No Wonder Why So Many College Students Fail

Jello shots: Not the best plan for college success.

Have you ever wondered why so many students who start college fail to graduate? Or why some students succeed and others fail?

As a homeschooling parent, and guidance counselor to your kids, you may wish to learn more about research that explores student expectations and attitudes.

Research finds most high school students have a very unrealistic set of ideas about college. They do not believe that college will be difficult or demanding.

  • Only 11% of students believe that college will be difficult. 49% said it will not be difficult and 40% are unsure.
  • Nearly 70% do not believe balancing college with personal and work lives will be a real challenge.

Why Does This Matter?
Most parents want, and expect, their college attending kids to graduate within four years. Even if we bump it up to six years, still over 40% of the students who start college will not have finished. This represents a huge number of students who have devoted time and money to college and are left without a degree.

So, what does this have to do with most high school students thinking college will not be difficult? A lot. Students who expect college to be easy do not adopt the sorts of behavior that result in college success. Research suggests the first year is the crucial time for students to successfully transition to college. Students who study more hours, speak with professors, manage time well, and join campus academic groups are more likely to have good grades and stay in college. Students who think they will do well no matter what are less likely to be successful.

What To Do To Help Prepare Your Homeschooler

  • Talk about realistic expectations for college including the amount of time students should expect to study.
  • Work on supportive skills such as time management and study skills.
  • Consider the possibility of dual enrollment courses on a college campus.
  • Make your homeschool high school one with rigorous standards and high expectations. When only 11% of high schools students believe college will be difficult that is most likely reflecting their experience with high school. If a high school student has spent four years with grade inflation, busy work, and lots of opportunities for extensions and extra credit he or she isn’t getting a realistic exposure to what will be expected in college. Expect more from your homeschoolers.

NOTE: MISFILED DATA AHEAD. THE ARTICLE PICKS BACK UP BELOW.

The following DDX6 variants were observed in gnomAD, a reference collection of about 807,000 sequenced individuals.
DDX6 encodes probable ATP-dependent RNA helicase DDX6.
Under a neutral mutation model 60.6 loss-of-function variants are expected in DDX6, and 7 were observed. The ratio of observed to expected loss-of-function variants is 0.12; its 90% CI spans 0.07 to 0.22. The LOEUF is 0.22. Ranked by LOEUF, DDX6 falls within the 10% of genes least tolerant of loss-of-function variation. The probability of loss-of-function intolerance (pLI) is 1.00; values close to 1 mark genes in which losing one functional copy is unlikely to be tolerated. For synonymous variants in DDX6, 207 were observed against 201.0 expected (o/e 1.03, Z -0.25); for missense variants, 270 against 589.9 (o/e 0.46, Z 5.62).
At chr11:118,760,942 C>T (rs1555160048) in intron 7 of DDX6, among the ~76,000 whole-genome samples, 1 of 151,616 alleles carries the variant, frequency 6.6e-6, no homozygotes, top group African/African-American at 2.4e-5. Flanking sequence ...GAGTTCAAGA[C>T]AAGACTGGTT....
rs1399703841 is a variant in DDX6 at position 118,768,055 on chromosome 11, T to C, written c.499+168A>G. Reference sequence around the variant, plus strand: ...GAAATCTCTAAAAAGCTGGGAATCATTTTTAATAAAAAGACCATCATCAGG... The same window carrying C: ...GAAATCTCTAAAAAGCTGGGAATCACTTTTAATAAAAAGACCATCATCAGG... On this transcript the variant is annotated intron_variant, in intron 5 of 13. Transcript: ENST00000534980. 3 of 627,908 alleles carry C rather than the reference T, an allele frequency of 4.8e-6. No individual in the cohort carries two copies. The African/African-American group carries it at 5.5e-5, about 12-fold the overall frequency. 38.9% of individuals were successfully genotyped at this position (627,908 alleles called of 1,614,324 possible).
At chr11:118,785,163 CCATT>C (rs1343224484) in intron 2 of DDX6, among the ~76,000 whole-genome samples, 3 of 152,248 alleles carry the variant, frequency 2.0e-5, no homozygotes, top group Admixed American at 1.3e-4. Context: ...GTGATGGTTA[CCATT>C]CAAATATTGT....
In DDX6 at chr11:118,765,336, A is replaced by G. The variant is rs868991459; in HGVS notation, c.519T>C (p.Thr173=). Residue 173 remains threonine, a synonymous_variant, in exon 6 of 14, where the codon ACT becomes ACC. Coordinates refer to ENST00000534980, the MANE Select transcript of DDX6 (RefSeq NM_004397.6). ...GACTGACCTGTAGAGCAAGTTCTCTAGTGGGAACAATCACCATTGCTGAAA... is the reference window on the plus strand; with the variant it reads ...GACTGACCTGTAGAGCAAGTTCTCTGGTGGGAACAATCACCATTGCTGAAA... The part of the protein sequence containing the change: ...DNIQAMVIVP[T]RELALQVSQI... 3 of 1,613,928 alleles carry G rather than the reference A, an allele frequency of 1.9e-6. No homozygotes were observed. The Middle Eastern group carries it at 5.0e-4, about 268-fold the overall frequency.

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  1. Seth

    And what is college success? If a student’s goal is to find an easy major and to graduate with a C average, he may graduate. But to graduate without skills in critical thinking, complex reasoning, or writing, is an empty accomplishment. College may be harder than high school, but the “real world” is infinitely more challenging.

  2. Barbara Hettle

    Great point Seth. The value of the college education isn’t just about the piece of paper but about what the student really gets from the experience.

  3. Griffindorish

    I blame grade inflation. Among the young people I talk to regularly (kids’ friends, etc.) it really seems like they all expect to get A’s and B’s regardless of whether they ever open a book after class. I am hopeful that homeschooling will give my kids the time-management skills to do better, but only time will tell, I guess.

  4. Barbara Hettle

    Interesting thoughts about grade inflation. Parents are often confused when they see the average GPA of students admitted to various colleges because even at not particularly competitive schools it is common for it to be around 3.5. If As and Bs are average it may make it hard for parents to know if their kids are not mastering the material.

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